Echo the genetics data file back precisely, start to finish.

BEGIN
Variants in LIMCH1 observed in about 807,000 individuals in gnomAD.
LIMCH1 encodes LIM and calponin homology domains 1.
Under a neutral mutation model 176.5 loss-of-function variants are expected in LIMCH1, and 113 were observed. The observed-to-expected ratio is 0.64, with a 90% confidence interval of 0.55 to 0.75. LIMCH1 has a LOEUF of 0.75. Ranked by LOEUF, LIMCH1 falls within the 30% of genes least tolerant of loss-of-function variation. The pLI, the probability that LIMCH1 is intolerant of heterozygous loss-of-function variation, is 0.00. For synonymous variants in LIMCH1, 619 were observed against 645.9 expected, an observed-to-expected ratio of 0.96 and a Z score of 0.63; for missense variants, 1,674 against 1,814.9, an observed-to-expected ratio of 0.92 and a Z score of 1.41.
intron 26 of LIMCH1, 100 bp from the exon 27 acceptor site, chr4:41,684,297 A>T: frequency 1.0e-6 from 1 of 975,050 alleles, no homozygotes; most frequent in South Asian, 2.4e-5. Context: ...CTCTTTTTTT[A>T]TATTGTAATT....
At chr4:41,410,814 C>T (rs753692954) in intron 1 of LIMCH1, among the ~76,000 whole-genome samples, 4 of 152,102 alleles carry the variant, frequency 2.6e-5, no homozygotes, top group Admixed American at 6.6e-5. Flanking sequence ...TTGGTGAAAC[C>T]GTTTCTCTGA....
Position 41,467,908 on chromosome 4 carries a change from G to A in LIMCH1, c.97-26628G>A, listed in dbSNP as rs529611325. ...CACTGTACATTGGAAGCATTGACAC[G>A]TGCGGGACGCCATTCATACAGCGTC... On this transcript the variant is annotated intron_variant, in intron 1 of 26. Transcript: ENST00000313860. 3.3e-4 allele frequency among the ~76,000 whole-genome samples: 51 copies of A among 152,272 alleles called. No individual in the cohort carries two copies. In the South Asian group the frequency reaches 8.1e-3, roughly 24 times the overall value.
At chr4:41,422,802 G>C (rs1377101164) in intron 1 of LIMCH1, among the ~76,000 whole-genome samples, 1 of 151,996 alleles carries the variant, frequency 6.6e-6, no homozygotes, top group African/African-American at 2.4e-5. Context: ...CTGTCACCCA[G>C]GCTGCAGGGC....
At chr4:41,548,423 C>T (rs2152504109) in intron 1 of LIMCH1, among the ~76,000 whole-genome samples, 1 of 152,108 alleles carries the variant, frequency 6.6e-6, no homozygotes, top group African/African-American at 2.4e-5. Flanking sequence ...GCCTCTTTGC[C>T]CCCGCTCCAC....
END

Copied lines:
Variants in LIMCH1 observed in about 807,000 individuals in gnomAD.
LIMCH1 encodes LIM and calponin homology domains 1.
Under a neutral mutation model 176.5 loss-of-function variants are expected in LIMCH1, and 113 were observed. The observed-to-expected ratio is 0.64, with a 90% confidence interval of 0.55 to 0.75. LIMCH1 has a LOEUF of 0.75. Ranked by LOEUF, LIMCH1 falls within the 30% of genes least tolerant of loss-of-function variation. The pLI, the probability that LIMCH1 is intolerant of heterozygous loss-of-function variation, is 0.00. For synonymous variants in LIMCH1, 619 were observed against 645.9 expected, an observed-to-expected ratio of 0.96 and a Z score of 0.63; for missense variants, 1,674 against 1,814.9, an observed-to-expected ratio of 0.92 and a Z score of 1.41.
intron 26 of LIMCH1, 100 bp from the exon 27 acceptor site, chr4:41,684,297 A>T: frequency 1.0e-6 from 1 of 975,050 alleles, no homozygotes; most frequent in South Asian, 2.4e-5. Context: ...CTCTTTTTTT[A>T]TATTGTAATT....
At chr4:41,410,814 C>T (rs753692954) in intron 1 of LIMCH1, among the ~76,000 whole-genome samples, 4 of 152,102 alleles carry the variant, frequency 2.6e-5, no homozygotes, top group Admixed American at 6.6e-5. Flanking sequence ...TTGGTGAAAC[C>T]GTTTCTCTGA....
Position 41,467,908 on chromosome 4 carries a change from G to A in LIMCH1, c.97-26628G>A, listed in dbSNP as rs529611325. ...CACTGTACATTGGAAGCATTGACAC[G>A]TGCGGGACGCCATTCATACAGCGTC... On this transcript the variant is annotated intron_variant, in intron 1 of 26. Transcript: ENST00000313860. 3.3e-4 allele frequency among the ~76,000 whole-genome samples: 51 copies of A among 152,272 alleles called. No individual in the cohort carries two copies. In the South Asian group the frequency reaches 8.1e-3, roughly 24 times the overall value.
At chr4:41,422,802 G>C (rs1377101164) in intron 1 of LIMCH1, among the ~76,000 whole-genome samples, 1 of 151,996 alleles carries the variant, frequency 6.6e-6, no homozygotes, top group African/African-American at 2.4e-5. Context: ...CTGTCACCCA[G>C]GCTGCAGGGC....
At chr4:41,548,423 C>T (rs2152504109) in intron 1 of LIMCH1, among the ~76,000 whole-genome samples, 1 of 152,108 alleles carries the variant, frequency 6.6e-6, no homozygotes, top group African/African-American at 2.4e-5. Flanking sequence ...GCCTCTTTGC[C>T]CCCGCTCCAC....